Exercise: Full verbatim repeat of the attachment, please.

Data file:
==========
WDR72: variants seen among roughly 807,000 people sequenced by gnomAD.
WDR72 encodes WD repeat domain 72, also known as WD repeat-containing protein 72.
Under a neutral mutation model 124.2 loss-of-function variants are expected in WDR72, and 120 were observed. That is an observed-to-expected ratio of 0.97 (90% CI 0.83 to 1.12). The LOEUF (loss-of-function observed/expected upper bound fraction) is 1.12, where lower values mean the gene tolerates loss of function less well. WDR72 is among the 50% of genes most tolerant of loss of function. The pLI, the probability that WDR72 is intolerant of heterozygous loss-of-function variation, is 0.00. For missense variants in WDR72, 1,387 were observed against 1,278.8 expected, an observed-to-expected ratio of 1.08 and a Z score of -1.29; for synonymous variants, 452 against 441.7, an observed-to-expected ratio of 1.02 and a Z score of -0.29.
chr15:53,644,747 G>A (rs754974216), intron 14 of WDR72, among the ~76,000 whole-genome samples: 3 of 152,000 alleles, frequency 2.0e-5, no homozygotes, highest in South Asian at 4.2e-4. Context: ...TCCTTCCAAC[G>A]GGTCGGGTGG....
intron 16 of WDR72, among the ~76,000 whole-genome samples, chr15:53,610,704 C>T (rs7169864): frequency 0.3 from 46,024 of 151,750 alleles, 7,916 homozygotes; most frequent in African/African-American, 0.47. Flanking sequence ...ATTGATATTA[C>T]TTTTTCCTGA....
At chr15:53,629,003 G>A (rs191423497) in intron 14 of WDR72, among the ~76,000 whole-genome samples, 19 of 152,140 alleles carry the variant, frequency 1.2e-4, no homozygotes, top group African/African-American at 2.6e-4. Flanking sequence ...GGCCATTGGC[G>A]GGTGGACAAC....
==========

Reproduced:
WDR72: variants seen among roughly 807,000 people sequenced by gnomAD.
WDR72 encodes WD repeat domain 72, also known as WD repeat-containing protein 72.
Under a neutral mutation model 124.2 loss-of-function variants are expected in WDR72, and 120 were observed. That is an observed-to-expected ratio of 0.97 (90% CI 0.83 to 1.12). The LOEUF (loss-of-function observed/expected upper bound fraction) is 1.12, where lower values mean the gene tolerates loss of function less well. WDR72 is among the 50% of genes most tolerant of loss of function. The pLI, the probability that WDR72 is intolerant of heterozygous loss-of-function variation, is 0.00. For missense variants in WDR72, 1,387 were observed against 1,278.8 expected, an observed-to-expected ratio of 1.08 and a Z score of -1.29; for synonymous variants, 452 against 441.7, an observed-to-expected ratio of 1.02 and a Z score of -0.29.
chr15:53,644,747 G>A (rs754974216), intron 14 of WDR72, among the ~76,000 whole-genome samples: 3 of 152,000 alleles, frequency 2.0e-5, no homozygotes, highest in South Asian at 4.2e-4. Context: ...TCCTTCCAAC[G>A]GGTCGGGTGG....
intron 16 of WDR72, among the ~76,000 whole-genome samples, chr15:53,610,704 C>T (rs7169864): frequency 0.3 from 46,024 of 151,750 alleles, 7,916 homozygotes; most frequent in African/African-American, 0.47. Flanking sequence ...ATTGATATTA[C>T]TTTTTCCTGA....
At chr15:53,629,003 G>A (rs191423497) in intron 14 of WDR72, among the ~76,000 whole-genome samples, 19 of 152,140 alleles carry the variant, frequency 1.2e-4, no homozygotes, top group African/African-American at 2.6e-4. Flanking sequence ...GGCCATTGGC[G>A]GGTGGACAAC....